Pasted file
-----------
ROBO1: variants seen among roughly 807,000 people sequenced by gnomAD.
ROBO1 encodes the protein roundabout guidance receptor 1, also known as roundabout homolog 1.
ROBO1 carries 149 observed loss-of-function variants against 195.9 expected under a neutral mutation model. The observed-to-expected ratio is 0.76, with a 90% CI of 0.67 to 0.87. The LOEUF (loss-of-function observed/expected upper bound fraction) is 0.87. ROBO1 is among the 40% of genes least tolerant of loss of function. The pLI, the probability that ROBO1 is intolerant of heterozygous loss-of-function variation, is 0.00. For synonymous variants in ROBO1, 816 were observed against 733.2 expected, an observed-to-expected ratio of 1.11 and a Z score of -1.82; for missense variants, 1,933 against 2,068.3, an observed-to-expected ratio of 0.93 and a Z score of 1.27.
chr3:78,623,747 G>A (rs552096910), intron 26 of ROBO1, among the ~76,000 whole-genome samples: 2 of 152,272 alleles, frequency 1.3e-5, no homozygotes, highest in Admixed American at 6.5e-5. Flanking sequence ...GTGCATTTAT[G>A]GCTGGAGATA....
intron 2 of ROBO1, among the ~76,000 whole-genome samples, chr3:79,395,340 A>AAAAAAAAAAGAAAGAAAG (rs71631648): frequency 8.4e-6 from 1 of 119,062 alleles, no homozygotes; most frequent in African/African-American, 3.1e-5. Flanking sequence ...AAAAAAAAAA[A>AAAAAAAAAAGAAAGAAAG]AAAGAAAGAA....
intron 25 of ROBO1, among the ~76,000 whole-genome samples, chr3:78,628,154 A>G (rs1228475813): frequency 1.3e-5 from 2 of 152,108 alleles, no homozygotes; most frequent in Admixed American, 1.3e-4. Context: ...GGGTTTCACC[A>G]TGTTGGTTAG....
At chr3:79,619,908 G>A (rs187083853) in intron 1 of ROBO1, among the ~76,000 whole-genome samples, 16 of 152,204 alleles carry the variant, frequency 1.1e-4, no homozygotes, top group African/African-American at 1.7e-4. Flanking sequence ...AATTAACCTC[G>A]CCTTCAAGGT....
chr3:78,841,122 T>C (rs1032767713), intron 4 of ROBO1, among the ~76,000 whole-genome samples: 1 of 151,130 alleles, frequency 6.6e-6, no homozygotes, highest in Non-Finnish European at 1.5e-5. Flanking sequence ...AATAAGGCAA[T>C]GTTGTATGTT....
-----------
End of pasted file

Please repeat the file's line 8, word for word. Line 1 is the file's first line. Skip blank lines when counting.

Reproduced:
chr3:78,841,122 T>C (rs1032767713), intron 4 of ROBO1, among the ~76,000 whole-genome samples: 1 of 151,130 alleles, frequency 6.6e-6, no homozygotes, highest in Non-Finnish European at 1.5e-5. Flanking sequence ...AATAAGGCAA[T>C]GTTGTATGTT....